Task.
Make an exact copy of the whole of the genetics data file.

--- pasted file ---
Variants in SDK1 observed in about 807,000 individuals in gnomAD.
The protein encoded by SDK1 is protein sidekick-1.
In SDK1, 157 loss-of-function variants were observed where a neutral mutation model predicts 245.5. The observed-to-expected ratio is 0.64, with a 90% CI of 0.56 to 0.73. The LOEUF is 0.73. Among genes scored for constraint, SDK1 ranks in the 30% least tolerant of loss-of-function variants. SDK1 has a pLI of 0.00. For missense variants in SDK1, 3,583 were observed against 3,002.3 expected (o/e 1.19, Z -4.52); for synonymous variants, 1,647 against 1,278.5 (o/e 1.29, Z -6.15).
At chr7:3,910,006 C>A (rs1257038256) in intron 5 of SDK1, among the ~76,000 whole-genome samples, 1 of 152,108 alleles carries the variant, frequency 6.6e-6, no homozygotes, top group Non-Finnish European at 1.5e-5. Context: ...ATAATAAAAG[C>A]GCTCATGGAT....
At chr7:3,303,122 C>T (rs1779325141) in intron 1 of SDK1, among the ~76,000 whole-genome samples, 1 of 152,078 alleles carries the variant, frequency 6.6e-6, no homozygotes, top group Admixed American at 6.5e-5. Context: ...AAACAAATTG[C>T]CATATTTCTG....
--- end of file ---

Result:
Variants in SDK1 observed in about 807,000 individuals in gnomAD.
The protein encoded by SDK1 is protein sidekick-1.
In SDK1, 157 loss-of-function variants were observed where a neutral mutation model predicts 245.5. The observed-to-expected ratio is 0.64, with a 90% CI of 0.56 to 0.73. The LOEUF is 0.73. Among genes scored for constraint, SDK1 ranks in the 30% least tolerant of loss-of-function variants. SDK1 has a pLI of 0.00. For missense variants in SDK1, 3,583 were observed against 3,002.3 expected (o/e 1.19, Z -4.52); for synonymous variants, 1,647 against 1,278.5 (o/e 1.29, Z -6.15).
At chr7:3,910,006 C>A (rs1257038256) in intron 5 of SDK1, among the ~76,000 whole-genome samples, 1 of 152,108 alleles carries the variant, frequency 6.6e-6, no homozygotes, top group Non-Finnish European at 1.5e-5. Context: ...ATAATAAAAG[C>A]GCTCATGGAT....
At chr7:3,303,122 C>T (rs1779325141) in intron 1 of SDK1, among the ~76,000 whole-genome samples, 1 of 152,078 alleles carries the variant, frequency 6.6e-6, no homozygotes, top group Admixed American at 6.5e-5. Context: ...AAACAAATTG[C>T]CATATTTCTG....